A new NASA Web tool called "Pluto Time" allows people around the world to experience the light levels that prevail at noon on the dwarf planet.
Users enter their location, and Pluto Time tells them the next available opportunity to go outside and see what midday Plutonian rays would look like. (Everyone has two chances each day, around dusk and dawn.)
NASA is also encouraging users of the tool to take photos during their local Pluto Time and share the images via social media with the hashtag #PlutoTime.
"We'll highlight some of the most interesting shots from around the world," NASA officials wrote on the Pluto Time site, which walks people through use of the tool.
Pluto orbits about 3 billion miles (4.8 billion kilometers) from the sun on average — very far away, but not so distant that the dwarf planet is immersed in continuous darkness.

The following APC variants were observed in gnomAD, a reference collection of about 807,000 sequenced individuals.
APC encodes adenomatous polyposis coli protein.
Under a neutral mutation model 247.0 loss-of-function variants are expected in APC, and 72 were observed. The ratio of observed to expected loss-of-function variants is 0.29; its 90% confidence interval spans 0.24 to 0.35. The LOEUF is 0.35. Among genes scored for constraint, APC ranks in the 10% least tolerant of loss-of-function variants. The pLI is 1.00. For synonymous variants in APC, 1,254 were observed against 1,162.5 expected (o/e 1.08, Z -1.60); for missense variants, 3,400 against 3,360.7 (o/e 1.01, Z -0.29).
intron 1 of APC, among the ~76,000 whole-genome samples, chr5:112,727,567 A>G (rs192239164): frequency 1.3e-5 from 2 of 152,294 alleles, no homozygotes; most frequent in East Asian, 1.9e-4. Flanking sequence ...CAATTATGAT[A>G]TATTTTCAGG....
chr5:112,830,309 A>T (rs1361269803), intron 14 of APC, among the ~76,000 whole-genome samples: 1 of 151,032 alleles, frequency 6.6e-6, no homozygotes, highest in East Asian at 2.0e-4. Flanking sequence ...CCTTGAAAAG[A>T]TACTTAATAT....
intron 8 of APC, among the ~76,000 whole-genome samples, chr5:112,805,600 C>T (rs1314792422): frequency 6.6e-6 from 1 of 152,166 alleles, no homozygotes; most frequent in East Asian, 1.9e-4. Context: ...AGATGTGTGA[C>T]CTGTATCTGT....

To an observer on Pluto's surface, the sun would be about 1,000 times dimmer than it is here on Earth, NASA officials said. At noon, the sunlight would be strong enough for you to read a book, they added. (Though it might be hard to keep your eyes from straying upward to take in the exotic Pluto sky, with the big moon Charon looming just overhead.)
It will soon be "Pluto Time" in another sense: On July 14, NASA's New Horizons spacecraft will make the first-ever flyby of the dwarf planet, zooming within 7,800 miles (12,500 km) of its frigid surface.
The encounter will give scientists their first up-close looks at Pluto, resolving it from a fuzzy blob into a richly textured world and revealing insights about the mysterious object's composition, structure and evolutionary history.
"After the historic flyby on July 14, 2015, we'll combine as many submitted images as we can into a mosaic image of Pluto and its moons," NASA officials wrote on the Pluto Time page. (Pluto has five known moons, four of which are tiny; at 750 miles [1,200 km] across, Charon is about half as wide as the dwarf planet itself.)
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